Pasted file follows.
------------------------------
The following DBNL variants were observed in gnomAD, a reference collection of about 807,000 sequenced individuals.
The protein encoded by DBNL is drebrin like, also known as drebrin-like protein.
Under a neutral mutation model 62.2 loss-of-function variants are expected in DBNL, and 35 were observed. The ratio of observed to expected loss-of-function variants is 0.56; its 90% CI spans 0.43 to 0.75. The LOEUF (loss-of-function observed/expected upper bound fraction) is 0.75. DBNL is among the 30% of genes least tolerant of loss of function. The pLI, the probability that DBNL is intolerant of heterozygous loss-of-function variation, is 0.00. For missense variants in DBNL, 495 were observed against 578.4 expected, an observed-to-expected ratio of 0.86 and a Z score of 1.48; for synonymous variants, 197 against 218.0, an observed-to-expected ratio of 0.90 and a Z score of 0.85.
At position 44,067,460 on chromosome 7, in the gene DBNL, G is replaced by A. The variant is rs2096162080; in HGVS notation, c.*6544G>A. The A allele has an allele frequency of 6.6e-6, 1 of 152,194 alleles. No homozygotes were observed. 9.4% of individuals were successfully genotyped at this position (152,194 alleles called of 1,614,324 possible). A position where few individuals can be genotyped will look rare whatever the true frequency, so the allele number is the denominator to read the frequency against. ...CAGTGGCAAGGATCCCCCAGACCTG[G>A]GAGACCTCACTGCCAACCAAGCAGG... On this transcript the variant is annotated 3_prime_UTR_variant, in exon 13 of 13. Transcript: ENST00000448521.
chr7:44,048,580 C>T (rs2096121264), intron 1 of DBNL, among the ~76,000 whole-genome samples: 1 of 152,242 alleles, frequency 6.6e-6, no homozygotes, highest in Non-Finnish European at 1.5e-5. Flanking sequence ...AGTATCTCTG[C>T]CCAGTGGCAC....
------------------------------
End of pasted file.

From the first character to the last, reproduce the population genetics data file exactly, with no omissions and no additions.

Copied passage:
The following DBNL variants were observed in gnomAD, a reference collection of about 807,000 sequenced individuals.
The protein encoded by DBNL is drebrin like, also known as drebrin-like protein.
Under a neutral mutation model 62.2 loss-of-function variants are expected in DBNL, and 35 were observed. The ratio of observed to expected loss-of-function variants is 0.56; its 90% CI spans 0.43 to 0.75. The LOEUF (loss-of-function observed/expected upper bound fraction) is 0.75. DBNL is among the 30% of genes least tolerant of loss of function. The pLI, the probability that DBNL is intolerant of heterozygous loss-of-function variation, is 0.00. For missense variants in DBNL, 495 were observed against 578.4 expected, an observed-to-expected ratio of 0.86 and a Z score of 1.48; for synonymous variants, 197 against 218.0, an observed-to-expected ratio of 0.90 and a Z score of 0.85.
At position 44,067,460 on chromosome 7, in the gene DBNL, G is replaced by A. The variant is rs2096162080; in HGVS notation, c.*6544G>A. The A allele has an allele frequency of 6.6e-6, 1 of 152,194 alleles. No homozygotes were observed. 9.4% of individuals were successfully genotyped at this position (152,194 alleles called of 1,614,324 possible). A position where few individuals can be genotyped will look rare whatever the true frequency, so the allele number is the denominator to read the frequency against. ...CAGTGGCAAGGATCCCCCAGACCTG[G>A]GAGACCTCACTGCCAACCAAGCAGG... On this transcript the variant is annotated 3_prime_UTR_variant, in exon 13 of 13. Transcript: ENST00000448521.
chr7:44,048,580 C>T (rs2096121264), intron 1 of DBNL, among the ~76,000 whole-genome samples: 1 of 152,242 alleles, frequency 6.6e-6, no homozygotes, highest in Non-Finnish European at 1.5e-5. Flanking sequence ...AGTATCTCTG[C>T]CCAGTGGCAC....